Israel Hernandez-Llach poses in this undated photo courtesy of Heather Bozzone.
The death of an 18-year-old graffiti artist who was shot in the chest with a Taser has reignited a debate about the device’s safety.
A wake will be held Tuesday evening followed by a funeral Wednesday for Israel Hernandez-Llach, who died Aug. 9 one hour after a Miami Beach police officer shot him in the chest with a Taser, causing the teen to fall face down on the ground.
Tasers, produced by Arizona-based Taser International, use a gas cartridge to fire two barbed electrodes connected to the gun by insulated electric wires. When the two barbs penetrate the skin, the electrical current stuns by disrupting electrical signals in the body’s muscles. Some Taser models can be held against the body without firing the cartridge.
According to a police report obtained by the Miami Herald, police officers spotted Hernandez-Llach spray painting a vacant building. The teen fled and, when cornered a block away, bolted toward an officer, who deployed the Taser, according to the report. The cause of death is under investigation, but some Taser critics are wondering if the teen suffered a cardiac arrest.
“Falling forward brings the heart almost a centimeter closer to the chest, and therefore closer to the Taser barbs,” says Dr. Douglas Zipes, a cardiologist and distinguished professor of medicine, pharmacology and toxicology at Indiana University of Medicine.
Zipes authored a paper published last year in the American Heart Association journal Circulation that analyzed eight cases of healthy men who suffered cardiac arrest after receiving shocks from Tasers. Seven of them died. He concluded that the electricity from the Taser devices can provoke cardiac arrest and even death by revving up the heartbeat, although the frequency of such deaths is unknown.
“The risk is small, but I can’t say how small,” say Zipes, who recommends that police who use Tasers avoid the chest, pull the trigger only once, and assume any tasered individuals who are unresponsive are suffering cardiac arrest and begin resuscitation measures.
Taser devices are used by nearly 17,000 law enforcement agencies in 107 countries and in 29 out of the 34 largest U.S. cities, according to Taser International.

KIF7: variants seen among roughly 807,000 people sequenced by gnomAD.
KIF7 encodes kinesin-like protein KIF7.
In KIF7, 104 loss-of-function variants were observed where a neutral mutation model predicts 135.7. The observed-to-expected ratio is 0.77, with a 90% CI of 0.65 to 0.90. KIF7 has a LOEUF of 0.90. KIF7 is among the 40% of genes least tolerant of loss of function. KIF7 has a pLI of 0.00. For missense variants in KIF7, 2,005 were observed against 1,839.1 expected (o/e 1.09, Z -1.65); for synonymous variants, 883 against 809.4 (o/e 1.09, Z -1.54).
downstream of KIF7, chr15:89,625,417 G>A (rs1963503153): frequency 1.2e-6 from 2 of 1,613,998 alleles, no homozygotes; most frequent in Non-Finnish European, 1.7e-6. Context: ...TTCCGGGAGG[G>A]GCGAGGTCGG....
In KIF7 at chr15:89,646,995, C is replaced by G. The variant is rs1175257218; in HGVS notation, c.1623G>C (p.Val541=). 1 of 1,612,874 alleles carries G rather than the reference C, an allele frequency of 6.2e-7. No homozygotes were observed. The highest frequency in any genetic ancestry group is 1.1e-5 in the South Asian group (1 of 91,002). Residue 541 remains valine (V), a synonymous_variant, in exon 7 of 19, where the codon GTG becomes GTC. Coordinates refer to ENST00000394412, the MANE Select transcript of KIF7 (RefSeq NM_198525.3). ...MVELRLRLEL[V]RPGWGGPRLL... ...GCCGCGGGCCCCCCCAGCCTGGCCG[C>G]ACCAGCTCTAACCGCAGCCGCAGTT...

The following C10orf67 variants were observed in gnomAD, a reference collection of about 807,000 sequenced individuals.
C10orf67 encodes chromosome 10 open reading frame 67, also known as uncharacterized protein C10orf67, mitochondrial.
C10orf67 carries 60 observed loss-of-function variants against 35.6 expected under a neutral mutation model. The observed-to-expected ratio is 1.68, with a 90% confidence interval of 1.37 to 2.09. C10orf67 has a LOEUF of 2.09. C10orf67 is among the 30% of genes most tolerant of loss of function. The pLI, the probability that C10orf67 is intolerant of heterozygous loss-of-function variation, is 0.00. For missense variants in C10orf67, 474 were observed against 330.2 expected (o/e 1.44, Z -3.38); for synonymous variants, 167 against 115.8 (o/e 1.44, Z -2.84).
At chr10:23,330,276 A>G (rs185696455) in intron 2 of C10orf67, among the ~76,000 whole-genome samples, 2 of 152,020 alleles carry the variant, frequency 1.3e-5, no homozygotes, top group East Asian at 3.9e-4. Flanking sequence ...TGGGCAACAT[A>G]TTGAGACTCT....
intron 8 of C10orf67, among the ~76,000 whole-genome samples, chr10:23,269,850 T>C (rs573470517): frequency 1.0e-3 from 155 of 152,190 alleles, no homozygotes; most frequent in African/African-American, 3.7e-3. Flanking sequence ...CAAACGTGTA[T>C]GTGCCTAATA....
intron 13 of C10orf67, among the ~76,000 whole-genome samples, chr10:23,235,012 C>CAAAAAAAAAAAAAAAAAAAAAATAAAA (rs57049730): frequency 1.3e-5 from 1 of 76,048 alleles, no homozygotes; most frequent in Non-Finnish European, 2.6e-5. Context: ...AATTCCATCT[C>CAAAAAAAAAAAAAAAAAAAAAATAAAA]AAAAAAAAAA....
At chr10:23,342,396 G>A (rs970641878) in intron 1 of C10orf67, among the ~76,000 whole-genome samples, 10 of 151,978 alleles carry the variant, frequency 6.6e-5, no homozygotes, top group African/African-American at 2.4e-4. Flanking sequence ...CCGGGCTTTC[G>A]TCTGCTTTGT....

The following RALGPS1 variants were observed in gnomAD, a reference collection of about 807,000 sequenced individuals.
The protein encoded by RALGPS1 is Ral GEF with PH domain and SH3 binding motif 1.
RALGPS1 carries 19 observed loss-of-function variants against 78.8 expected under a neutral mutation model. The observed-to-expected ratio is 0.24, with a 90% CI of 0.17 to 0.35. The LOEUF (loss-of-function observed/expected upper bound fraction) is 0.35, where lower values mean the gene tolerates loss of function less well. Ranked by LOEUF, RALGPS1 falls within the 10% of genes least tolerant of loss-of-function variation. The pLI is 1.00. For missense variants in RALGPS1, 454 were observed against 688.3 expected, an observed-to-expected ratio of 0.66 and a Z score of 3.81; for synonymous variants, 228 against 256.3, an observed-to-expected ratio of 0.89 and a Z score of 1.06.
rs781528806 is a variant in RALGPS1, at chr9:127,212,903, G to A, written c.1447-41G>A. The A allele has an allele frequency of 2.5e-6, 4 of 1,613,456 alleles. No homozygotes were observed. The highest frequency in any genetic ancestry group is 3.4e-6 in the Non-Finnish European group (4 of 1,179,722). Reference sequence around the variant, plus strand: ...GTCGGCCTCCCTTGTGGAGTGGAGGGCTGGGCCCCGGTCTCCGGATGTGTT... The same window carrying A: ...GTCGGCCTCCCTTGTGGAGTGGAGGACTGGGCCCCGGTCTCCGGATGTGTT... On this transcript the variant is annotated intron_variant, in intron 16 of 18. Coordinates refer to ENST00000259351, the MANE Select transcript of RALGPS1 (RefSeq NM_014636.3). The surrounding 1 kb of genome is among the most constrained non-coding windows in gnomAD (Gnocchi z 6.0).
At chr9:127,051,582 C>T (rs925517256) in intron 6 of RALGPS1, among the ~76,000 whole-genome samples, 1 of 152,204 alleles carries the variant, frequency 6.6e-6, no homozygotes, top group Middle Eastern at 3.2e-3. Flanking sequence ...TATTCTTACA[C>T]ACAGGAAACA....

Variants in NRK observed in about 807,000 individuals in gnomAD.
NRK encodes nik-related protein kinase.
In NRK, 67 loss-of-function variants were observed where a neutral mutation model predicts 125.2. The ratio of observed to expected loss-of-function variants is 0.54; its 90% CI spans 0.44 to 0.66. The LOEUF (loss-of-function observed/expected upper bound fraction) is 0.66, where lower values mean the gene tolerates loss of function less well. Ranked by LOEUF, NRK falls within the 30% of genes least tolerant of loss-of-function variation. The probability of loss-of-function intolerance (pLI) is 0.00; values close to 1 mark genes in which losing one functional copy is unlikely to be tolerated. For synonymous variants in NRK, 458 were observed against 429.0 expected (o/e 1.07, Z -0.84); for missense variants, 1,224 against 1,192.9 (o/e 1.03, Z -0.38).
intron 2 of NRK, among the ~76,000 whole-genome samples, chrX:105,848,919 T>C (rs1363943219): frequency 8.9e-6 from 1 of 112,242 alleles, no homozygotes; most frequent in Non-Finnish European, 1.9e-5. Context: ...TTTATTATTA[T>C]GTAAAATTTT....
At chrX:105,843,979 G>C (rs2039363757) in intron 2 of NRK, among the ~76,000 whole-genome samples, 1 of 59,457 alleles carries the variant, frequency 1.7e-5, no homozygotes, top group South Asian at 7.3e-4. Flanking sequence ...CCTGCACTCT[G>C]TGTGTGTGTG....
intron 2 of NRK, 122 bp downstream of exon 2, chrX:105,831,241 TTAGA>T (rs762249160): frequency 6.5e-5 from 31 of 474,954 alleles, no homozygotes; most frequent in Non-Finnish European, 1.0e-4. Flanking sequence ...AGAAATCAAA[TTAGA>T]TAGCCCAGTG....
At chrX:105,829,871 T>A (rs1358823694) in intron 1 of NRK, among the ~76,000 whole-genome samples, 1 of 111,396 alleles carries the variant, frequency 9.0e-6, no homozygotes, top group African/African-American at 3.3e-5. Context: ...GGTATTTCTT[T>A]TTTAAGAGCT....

Taser disputes Zipes’ conclusions because he has testified for plaintiffs who have sued the company. But Zipes says that without such experience, his paper would not have been possible. “Those data came from my work as a plaintiff expert in those cases, where I had access to police records and medical records and so on.”
Instead, the company points to a 2011 special report from the U.S. Justice Department, which concluded that the risk of human death directly or primarily because of the electrical effects of Taser devices “has not been conclusively demonstrated.” However, the report acknowledged that there are anecdotal cases where “no other significant risk factor for death is known.”
“The question of whether or not Taser-type devices can harm or kill someone has been settled. The answer is unequivocally yes,” says Dr. William Bozeman, a member of the medical advisory panel for the Justice Department report and an associate professor of emergency medicine at Wake Forest Baptist Medical Center in Winston-Salem, North Carolina. “However, the likelihood is extremely low,” perhaps no more than a quarter of a percent.
Most injuries or deaths that have occurred, says Bozeman, are from blunt trauma. Someone is Tasered, their muscles lock up, and they fall, sometimes from a dangerous height, he says. Or the Taser’s spark ignites flammable liquid on or near the suspect. Cardiac arrest, he says, is rare.
In any case, “As you look at the options that police have, such as batons, Tasers, pepper sprays or firearms, the question is which of those options is the safest for the officer and the suspect,” says Bozeman. Studies of Taser use “suggest that the Taser is as safe as and probably safer than those other options in terms of causing injury or causing death,” he says.
Still, since September 2009, the company has recommended that officers aim the devices below the chest. But the Miami Beach Police Department’s Taser guidelines say nothing about avoiding the chest, according to a copy obtained by New Times.
First published August 13 2013, 3:01 PM